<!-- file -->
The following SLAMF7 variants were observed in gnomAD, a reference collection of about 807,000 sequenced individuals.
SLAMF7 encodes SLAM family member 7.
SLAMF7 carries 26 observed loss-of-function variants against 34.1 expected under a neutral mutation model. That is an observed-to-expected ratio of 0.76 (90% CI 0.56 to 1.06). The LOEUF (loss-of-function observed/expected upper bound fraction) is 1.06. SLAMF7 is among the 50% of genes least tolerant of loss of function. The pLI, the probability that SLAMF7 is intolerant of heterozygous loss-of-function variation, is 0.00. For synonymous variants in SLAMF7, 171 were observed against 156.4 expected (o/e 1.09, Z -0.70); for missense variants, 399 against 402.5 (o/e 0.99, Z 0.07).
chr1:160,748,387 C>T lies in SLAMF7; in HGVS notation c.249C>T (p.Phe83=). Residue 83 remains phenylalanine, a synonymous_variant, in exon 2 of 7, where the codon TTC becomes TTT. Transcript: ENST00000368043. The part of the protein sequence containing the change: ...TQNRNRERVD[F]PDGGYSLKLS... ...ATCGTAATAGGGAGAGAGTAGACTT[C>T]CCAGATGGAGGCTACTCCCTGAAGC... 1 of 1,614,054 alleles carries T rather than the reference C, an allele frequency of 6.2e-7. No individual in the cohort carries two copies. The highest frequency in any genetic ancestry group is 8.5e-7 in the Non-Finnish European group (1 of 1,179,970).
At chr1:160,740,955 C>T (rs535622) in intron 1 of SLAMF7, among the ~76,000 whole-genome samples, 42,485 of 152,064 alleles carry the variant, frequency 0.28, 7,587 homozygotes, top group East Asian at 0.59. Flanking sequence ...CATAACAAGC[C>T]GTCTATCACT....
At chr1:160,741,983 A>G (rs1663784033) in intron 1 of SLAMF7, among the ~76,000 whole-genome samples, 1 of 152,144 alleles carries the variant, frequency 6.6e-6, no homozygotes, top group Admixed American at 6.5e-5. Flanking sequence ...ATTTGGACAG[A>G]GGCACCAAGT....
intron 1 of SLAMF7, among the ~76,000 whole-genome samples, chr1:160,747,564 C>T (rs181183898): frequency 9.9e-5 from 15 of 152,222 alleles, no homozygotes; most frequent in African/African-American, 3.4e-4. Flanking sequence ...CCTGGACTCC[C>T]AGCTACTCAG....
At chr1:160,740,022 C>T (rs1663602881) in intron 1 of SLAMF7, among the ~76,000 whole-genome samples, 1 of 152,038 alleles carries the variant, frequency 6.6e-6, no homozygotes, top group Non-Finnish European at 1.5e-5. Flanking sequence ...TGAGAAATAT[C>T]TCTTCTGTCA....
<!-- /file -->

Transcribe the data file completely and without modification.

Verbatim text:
The following SLAMF7 variants were observed in gnomAD, a reference collection of about 807,000 sequenced individuals.
SLAMF7 encodes SLAM family member 7.
SLAMF7 carries 26 observed loss-of-function variants against 34.1 expected under a neutral mutation model. That is an observed-to-expected ratio of 0.76 (90% CI 0.56 to 1.06). The LOEUF (loss-of-function observed/expected upper bound fraction) is 1.06. SLAMF7 is among the 50% of genes least tolerant of loss of function. The pLI, the probability that SLAMF7 is intolerant of heterozygous loss-of-function variation, is 0.00. For synonymous variants in SLAMF7, 171 were observed against 156.4 expected (o/e 1.09, Z -0.70); for missense variants, 399 against 402.5 (o/e 0.99, Z 0.07).
chr1:160,748,387 C>T lies in SLAMF7; in HGVS notation c.249C>T (p.Phe83=). Residue 83 remains phenylalanine, a synonymous_variant, in exon 2 of 7, where the codon TTC becomes TTT. Transcript: ENST00000368043. The part of the protein sequence containing the change: ...TQNRNRERVD[F]PDGGYSLKLS... ...ATCGTAATAGGGAGAGAGTAGACTT[C>T]CCAGATGGAGGCTACTCCCTGAAGC... 1 of 1,614,054 alleles carries T rather than the reference C, an allele frequency of 6.2e-7. No individual in the cohort carries two copies. The highest frequency in any genetic ancestry group is 8.5e-7 in the Non-Finnish European group (1 of 1,179,970).
At chr1:160,740,955 C>T (rs535622) in intron 1 of SLAMF7, among the ~76,000 whole-genome samples, 42,485 of 152,064 alleles carry the variant, frequency 0.28, 7,587 homozygotes, top group East Asian at 0.59. Flanking sequence ...CATAACAAGC[C>T]GTCTATCACT....
At chr1:160,741,983 A>G (rs1663784033) in intron 1 of SLAMF7, among the ~76,000 whole-genome samples, 1 of 152,144 alleles carries the variant, frequency 6.6e-6, no homozygotes, top group Admixed American at 6.5e-5. Flanking sequence ...ATTTGGACAG[A>G]GGCACCAAGT....
intron 1 of SLAMF7, among the ~76,000 whole-genome samples, chr1:160,747,564 C>T (rs181183898): frequency 9.9e-5 from 15 of 152,222 alleles, no homozygotes; most frequent in African/African-American, 3.4e-4. Flanking sequence ...CCTGGACTCC[C>T]AGCTACTCAG....
At chr1:160,740,022 C>T (rs1663602881) in intron 1 of SLAMF7, among the ~76,000 whole-genome samples, 1 of 152,038 alleles carries the variant, frequency 6.6e-6, no homozygotes, top group Non-Finnish European at 1.5e-5. Flanking sequence ...TGAGAAATAT[C>T]TCTTCTGTCA....